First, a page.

Several examples of overwhelming kindness recently reminded me of how much good we have in our world. It made me want to focus on the good instead of the bad, changing my perspective — for at least a bit — of the world we live in today.
Last weekend was beach ride weekend. Once a year, my daughter and several people affiliated with the Feather Fund take their Chincoteague Ponies back to the beach to ride on the Chincoteague National Wildlife Refuge. I always look forward to this beautiful weekend and the reaction of the ponies — who frequently want to roll in the sand on the island of their birth — and their riders, who race against the wind and encourage their horses to ride into the bay, waves lapping around their legs while the wind ruffles their manes and tails. It is a thing of beauty, and this year that was multiplied by the actions of others.
At the Feather Fund charity auction this summer, we auctioned off a two-hour beach ride on a Chincoteague Pony on the Assateague beach of the Chincoteague National Wildlife Refuge. If you don’t know about the Feather Fund, read Carollynn’s story at www.featherfund.net and you will see why we work so hard to raise funds. At the auction, the ride was purchased by a gal named Ruth Provost, who is currently training her 2-year-old Chincoteague Pony, Journey. Unfortunately, Ruth’s dog fell ill last week and she could not come to the ride. That’s when she did the most amazing thing. She had us call the woman who had bid against her in the auction and offer the ride to her, for free. “A gift from Journey,” she said.
My heart soared when I realized how much she’d paid for the ride and how she so willingly gave it to someone sharing that dream. Scout was just the start in a weekend of kindness.
Just before we left home for the trip, I received a message from Black Narrows Brewing Company on Chincoteague Island. This little brewery is owned by a couple and their parents. The four of them had the idea, a few years ago, to open a brewery on the island, but their business plan was unusual. Not only did they want to use only local growers for their barley and hops, but they vowed to donate 10 percent of all their profits to nonprofits. Because of this plan, bank after bank turned them down for a loan. New businesses cannot afford to give away any of their profits, they were told. It is ludicrous! But one bank took the leap of faith and the brewery opened last year.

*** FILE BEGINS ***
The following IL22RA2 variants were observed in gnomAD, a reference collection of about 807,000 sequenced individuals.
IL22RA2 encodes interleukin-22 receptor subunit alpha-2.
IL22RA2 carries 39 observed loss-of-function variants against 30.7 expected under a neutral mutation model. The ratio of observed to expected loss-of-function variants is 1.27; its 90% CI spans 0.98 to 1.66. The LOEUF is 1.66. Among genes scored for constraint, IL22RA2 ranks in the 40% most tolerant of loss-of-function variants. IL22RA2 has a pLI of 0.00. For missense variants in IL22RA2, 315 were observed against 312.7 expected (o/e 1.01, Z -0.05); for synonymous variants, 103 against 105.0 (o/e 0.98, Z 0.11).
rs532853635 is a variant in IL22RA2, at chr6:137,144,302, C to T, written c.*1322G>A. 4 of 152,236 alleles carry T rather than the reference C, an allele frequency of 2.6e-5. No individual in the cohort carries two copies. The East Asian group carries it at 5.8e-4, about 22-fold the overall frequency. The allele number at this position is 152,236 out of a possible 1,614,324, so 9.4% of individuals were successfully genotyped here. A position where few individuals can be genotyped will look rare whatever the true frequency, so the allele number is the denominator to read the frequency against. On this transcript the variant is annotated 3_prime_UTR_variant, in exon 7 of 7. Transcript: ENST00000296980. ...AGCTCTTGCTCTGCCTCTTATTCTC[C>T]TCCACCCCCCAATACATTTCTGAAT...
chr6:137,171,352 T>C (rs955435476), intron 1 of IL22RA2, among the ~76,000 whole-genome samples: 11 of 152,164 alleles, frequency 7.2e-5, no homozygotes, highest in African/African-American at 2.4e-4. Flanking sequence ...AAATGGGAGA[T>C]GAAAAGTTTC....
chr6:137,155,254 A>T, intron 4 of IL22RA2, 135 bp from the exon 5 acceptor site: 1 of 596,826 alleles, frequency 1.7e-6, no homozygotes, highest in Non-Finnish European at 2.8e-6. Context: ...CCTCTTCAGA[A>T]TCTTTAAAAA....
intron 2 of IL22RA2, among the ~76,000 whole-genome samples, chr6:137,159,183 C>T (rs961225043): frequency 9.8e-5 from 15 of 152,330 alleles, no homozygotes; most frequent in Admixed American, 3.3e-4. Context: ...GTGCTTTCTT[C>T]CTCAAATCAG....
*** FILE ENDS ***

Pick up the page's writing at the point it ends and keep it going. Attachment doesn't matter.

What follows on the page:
“I just wanted to let you know that the Feather Fund will be receiving a check from us at the end of our fiscal year on September 22nd at Black Narrows,” Jennifer Chapman from Black Narrows wrote. “Is there anyone from your organization that could come and accept the check at our One Local — One Global bazaar that day?”
What a coincidence, I thought, as I wrote to let her know that we would be on the island that very weekend for our beach ride.
The ceremony would not only include awards, but also activities for kids, live music and more. As we corresponded, a plan emerged to take the Chincoteague Ponies to the ceremony to meet the crowds.
At the ceremony, the company awarded checks to nonprofit after nonprofit, including the Chincoteague Library, the Chincoteague Fire Company, the Kiwanis, the local PTA and the cancer fund for a little girl named Brianna.
Brianna Merritt, a 9-year-old girl in third grade, was diagnosed with acute myeloid leukemia in November of 2016. This kind of cancer is rare in children and the ongoing chemo is a special challenge for such a young girl.
Wearing a “Cancer Picked the Wrong Kid” shirt, Brianna smiled through it all, accepting not only a check from the brewery, but multiple checks as other nonprofits donated their checks to her fund. My heart overflowed with emotion.
Black Narrows had their regular customers present the awards, a unique twist. By the end of the day, Black Narrows had given away over $20,000 to nonprofits. Tears ran down my cheeks as I watched award after award handed out and I couldn’t help but think - what if every business in America did what Black Narrows Brewing Company was doing?
Oh, the change it would make for so many. Imagine the difference in poverty, homelessness, drug addiction and more if nonprofits across the country were fully funded and could triple or quadruple the number of people they helped. Imagine the dreams come true and the prosperity America would gain.
Throughout the event, the Feather Fund’s three Chincoteague Ponies met children and adults, families and businessmen. They had already carried riders on the beach that day and had calmly walked through town to get there, because there was no room to park a trailer. Now, children wrapped their arms around their necks. Parents stroked their backs and touched their noses. While kids raced behind and around them, and music and laughter filled the air, they stood quietly, happy to greet every smiling face.
The ponies may not have realized the sheer impact Black Narrows was making on this day, but I did, as did others all around me. I wasn’t the only one with tears when Brianna made a contribution of her own to an emergency relief fund for cancer families.
Brianna’s mom, Brandy Terrell, told the crowd how Brianna had expressed her appreciation for donations they were getting and then had asked, “But what about the other kids?”
With her push, the family organized a drive at her elementary school in March. People not only contributed money, but also signed up to become donors. And, before Brianna received a bone marrow transplant, she had over 300 people sign up for donor kits, as well. Brianna is raising funds for other kids with cancer at www.customink.com/fundraising/team-brianna.